James Mangold’s Ford v Ferrari is a gasoline-soaked intoxicant that you won’t want to unbuckle from. The vibrations of the racing cars, the gravity of the hairpin turns, the heat from the engines—you feel it all as a concussive blow of kinetic energy. We said as much in our immediate reaction to the film’s premiere at the Toronto International Film Festival. But with the benefit of time allowing us to revisit other classic racing movies such as Rush and Days of Thunder, it’s clear that Ford v Ferrari has the more powerful engine. Much of that is thanks to cinematographer Phedon Papamichael.
The Oscar-nominated director of photography has enjoyed an eclectic career that includes everything from the Pauly Shore stoner comedy Bio-Dome to the critically acclaimed Nebraska. That’s what we call a diverse portfolio. Papamichael recently chatted with Observer about how he and Mangold added the necessary visual fuel to the story’s fire and the inspiration behind Ford v Ferrari’s aesthetic.
Observer: This is your sixth collaboration with director James Mangold. What makes your dynamic such a good partnership?
Papamichael: Number one is that you have to get lucky and have the same sensibilities and the same style. I noticed that early on when I did the first movie. I was framing up something and you know Jim was like “Oh come in a little more. Push in a little bit.” And I go, ‘oh this guy has an eye actually.’ He’s very strong with that. He’s incredibly eloquent when he’s directing actors. He’s a writer. Often when you have both qualities you don’t expect somebody who’s also very strong visually.
He’s an indie filmmaker primarily who happened to develop a career as a studio filmmaker making commercially successful movies. It’s always great when you are in sync instinctively with the director and, in this case, it’s almost scary how much we think alike, especially after our fifth or sixth movie together.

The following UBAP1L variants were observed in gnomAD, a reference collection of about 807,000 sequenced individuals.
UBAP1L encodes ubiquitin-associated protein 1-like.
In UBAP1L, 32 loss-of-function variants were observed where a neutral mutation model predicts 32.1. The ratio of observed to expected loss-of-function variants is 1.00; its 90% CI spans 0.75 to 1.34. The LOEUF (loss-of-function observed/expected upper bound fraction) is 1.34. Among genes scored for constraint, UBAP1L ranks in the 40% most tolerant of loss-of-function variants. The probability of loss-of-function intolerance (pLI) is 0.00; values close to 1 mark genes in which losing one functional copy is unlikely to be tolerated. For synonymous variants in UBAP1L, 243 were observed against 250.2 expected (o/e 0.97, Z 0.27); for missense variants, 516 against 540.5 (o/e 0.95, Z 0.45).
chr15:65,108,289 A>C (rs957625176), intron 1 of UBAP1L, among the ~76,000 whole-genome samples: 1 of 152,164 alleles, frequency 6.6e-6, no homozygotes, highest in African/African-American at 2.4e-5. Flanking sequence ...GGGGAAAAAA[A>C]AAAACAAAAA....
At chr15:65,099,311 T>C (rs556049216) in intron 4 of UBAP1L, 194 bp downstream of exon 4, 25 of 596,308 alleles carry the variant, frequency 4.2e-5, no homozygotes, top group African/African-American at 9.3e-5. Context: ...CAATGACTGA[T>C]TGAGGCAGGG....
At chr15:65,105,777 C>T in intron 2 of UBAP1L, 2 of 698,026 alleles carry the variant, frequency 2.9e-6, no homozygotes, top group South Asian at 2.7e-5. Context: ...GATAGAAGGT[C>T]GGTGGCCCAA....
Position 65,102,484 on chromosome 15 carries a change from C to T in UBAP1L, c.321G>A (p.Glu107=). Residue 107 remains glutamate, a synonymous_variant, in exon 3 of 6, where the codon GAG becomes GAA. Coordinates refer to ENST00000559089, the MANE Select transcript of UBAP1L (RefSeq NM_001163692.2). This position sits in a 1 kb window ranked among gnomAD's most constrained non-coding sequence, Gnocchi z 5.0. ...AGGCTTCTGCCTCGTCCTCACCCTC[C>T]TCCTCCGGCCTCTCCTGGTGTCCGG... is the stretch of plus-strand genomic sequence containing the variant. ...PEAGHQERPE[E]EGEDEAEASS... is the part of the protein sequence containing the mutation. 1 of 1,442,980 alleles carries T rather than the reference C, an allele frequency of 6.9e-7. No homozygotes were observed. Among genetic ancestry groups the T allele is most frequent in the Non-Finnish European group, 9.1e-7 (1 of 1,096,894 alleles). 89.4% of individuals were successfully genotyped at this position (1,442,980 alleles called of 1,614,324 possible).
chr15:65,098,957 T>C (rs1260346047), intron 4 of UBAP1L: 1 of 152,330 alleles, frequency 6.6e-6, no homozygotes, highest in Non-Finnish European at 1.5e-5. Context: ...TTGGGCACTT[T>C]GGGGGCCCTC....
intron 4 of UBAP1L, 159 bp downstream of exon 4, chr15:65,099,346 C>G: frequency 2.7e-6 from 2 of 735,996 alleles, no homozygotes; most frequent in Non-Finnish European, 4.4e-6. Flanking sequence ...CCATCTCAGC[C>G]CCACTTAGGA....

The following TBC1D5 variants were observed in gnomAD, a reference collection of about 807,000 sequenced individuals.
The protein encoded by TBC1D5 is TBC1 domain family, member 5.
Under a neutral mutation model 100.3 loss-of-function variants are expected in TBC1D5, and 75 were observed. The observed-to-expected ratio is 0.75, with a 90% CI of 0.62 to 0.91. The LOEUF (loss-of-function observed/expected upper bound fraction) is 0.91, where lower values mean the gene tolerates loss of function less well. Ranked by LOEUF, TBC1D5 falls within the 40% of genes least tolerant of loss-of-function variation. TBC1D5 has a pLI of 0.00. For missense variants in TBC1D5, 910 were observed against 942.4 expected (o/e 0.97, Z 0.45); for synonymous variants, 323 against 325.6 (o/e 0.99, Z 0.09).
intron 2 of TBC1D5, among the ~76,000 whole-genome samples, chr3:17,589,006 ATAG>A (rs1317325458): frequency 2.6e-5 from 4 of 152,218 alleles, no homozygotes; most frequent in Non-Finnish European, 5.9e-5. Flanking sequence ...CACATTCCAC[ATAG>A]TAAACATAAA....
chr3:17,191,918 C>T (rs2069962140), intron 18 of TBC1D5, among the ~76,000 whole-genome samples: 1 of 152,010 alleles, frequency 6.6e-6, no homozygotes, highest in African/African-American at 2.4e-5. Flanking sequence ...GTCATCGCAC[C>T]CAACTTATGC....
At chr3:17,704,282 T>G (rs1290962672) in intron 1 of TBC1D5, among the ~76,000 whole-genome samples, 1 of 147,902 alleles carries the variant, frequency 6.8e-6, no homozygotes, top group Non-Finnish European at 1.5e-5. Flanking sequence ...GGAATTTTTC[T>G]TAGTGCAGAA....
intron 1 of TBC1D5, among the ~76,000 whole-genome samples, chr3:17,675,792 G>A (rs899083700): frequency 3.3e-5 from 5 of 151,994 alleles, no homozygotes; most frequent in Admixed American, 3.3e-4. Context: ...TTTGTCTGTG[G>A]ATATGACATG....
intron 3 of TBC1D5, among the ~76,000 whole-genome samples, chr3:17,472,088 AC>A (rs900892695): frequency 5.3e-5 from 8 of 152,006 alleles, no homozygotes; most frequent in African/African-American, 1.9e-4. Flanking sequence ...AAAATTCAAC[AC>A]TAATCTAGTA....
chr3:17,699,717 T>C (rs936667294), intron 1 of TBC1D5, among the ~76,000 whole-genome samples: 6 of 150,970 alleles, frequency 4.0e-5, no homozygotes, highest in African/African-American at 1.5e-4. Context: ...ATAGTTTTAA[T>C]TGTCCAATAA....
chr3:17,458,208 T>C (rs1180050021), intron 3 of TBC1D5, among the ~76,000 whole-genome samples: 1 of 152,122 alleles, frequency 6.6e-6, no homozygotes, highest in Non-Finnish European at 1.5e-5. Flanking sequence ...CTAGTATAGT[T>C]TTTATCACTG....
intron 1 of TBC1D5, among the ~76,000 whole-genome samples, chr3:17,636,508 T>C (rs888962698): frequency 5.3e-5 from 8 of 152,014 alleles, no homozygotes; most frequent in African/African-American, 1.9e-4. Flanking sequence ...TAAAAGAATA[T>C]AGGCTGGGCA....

You’ve said you approached Ford v Ferrari with realism in mind. What does that mean in a practical sense?
We tried to do as much practically as possible. In the entire film, I think there’s only one fully [computer-generated] car. We’ve all be exposed to great action and great car chases, but we really wanted ours to be accurate and focus on the emotional context of our main characters. We realized very quickly that we need to do a lot of it practically. Hard-mount these cameras to these cars and have the actors experience the G-forces and all the vibrations and the noise that you can’t really create on a stage with a bunch of grips shaking the cars. We raised the natural light to really create a sense of what it’s like to sit in one of these insane little metal death traps. We knew early on we didn’t need all these sweeping crane shots or drone moves; we just wanted to hold the character’s POV with close-ups.
It’s just really making all this action tie together. You would get bored after watching great action sequences over and over. You have to always be connected to what your character is going through. All the beats and creating these beats so it doesn’t become one big wash of spectacular car action. You know that’s Mangold’s strength, creating these solid characters within the heart of the story. We were doing old-school, classic Hollywood filmmaking and that’s exciting because those are the kinds of movies that inspired us as younger filmmakers.
How do you devise a visual strategy that provides the audience with necessary information but also comes across as visually exciting?
A movie like this is technically complicated, so you have to do some planning. You have to do some revising so you can budget it in regards to how many cars you have to build an all that. But for all the dramatic scenes, we’re very much inspired by what the actors bring on the day and when all of the elements are in place. We don’t really create shot lists or storyboards. We try to identify the moments that are the essence of each scene. It’s the same when I work with Alexander Payne.
We’re very much looking at what the actors are doing and then decide how to shoot it because there are all these things that you can never plan or prepare for. You want to be able to take advantage of those things. The approach with Mangold is very much the same where we direct the actors first and do blocking with them so that leaves ourselves some room in the technical part where we can take advantage of these little magical moments that happen on set. The ability to be reactive and follow your instincts.
This interview has been edited and condensed.